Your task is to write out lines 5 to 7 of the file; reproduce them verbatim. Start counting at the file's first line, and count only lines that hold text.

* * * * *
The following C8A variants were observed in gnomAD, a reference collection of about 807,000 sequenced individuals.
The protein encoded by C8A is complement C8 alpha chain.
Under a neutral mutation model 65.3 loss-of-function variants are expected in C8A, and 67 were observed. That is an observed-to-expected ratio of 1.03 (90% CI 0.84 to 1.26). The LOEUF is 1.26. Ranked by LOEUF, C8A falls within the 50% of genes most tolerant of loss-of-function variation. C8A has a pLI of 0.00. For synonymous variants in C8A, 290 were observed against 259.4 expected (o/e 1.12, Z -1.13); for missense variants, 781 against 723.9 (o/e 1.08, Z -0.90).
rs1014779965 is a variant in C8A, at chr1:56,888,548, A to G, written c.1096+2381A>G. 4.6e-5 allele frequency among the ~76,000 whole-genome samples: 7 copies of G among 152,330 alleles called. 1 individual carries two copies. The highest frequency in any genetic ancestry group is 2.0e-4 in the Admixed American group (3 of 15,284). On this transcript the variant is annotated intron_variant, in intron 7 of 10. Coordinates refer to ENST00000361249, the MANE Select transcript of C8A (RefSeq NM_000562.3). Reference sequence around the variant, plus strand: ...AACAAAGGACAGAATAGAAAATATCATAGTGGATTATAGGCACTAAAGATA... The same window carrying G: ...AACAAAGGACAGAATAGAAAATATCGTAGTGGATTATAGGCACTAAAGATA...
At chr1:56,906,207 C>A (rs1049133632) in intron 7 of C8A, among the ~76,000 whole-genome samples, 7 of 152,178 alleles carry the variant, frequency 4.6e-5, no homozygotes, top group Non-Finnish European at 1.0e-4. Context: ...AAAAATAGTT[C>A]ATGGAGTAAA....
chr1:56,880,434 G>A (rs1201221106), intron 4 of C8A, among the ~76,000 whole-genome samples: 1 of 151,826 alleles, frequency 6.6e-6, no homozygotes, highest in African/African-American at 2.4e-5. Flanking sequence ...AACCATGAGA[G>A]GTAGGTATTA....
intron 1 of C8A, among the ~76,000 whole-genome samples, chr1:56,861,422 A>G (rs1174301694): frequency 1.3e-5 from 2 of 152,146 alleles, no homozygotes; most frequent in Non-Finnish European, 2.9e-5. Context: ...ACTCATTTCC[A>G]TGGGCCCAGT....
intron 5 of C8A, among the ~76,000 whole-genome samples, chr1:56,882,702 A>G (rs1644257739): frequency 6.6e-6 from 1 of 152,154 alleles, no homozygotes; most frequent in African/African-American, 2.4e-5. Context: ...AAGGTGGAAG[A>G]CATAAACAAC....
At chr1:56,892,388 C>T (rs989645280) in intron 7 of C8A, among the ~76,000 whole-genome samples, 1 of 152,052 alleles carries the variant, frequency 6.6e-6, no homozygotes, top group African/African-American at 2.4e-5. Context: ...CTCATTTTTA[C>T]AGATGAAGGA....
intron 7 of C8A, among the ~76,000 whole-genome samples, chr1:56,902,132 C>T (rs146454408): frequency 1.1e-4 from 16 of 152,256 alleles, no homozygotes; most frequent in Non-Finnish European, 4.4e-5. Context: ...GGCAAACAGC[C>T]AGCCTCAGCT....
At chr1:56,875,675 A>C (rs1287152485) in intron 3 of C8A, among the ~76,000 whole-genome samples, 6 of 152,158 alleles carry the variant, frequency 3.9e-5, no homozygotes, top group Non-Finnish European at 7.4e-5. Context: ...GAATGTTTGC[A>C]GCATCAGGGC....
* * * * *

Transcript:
At chr1:56,906,207 C>A (rs1049133632) in intron 7 of C8A, among the ~76,000 whole-genome samples, 7 of 152,178 alleles carry the variant, frequency 4.6e-5, no homozygotes, top group Non-Finnish European at 1.0e-4. Context: ...AAAAATAGTT[C>A]ATGGAGTAAA....
chr1:56,880,434 G>A (rs1201221106), intron 4 of C8A, among the ~76,000 whole-genome samples: 1 of 151,826 alleles, frequency 6.6e-6, no homozygotes, highest in African/African-American at 2.4e-5. Flanking sequence ...AACCATGAGA[G>A]GTAGGTATTA....
intron 1 of C8A, among the ~76,000 whole-genome samples, chr1:56,861,422 A>G (rs1174301694): frequency 1.3e-5 from 2 of 152,146 alleles, no homozygotes; most frequent in Non-Finnish European, 2.9e-5. Context: ...ACTCATTTCC[A>G]TGGGCCCAGT....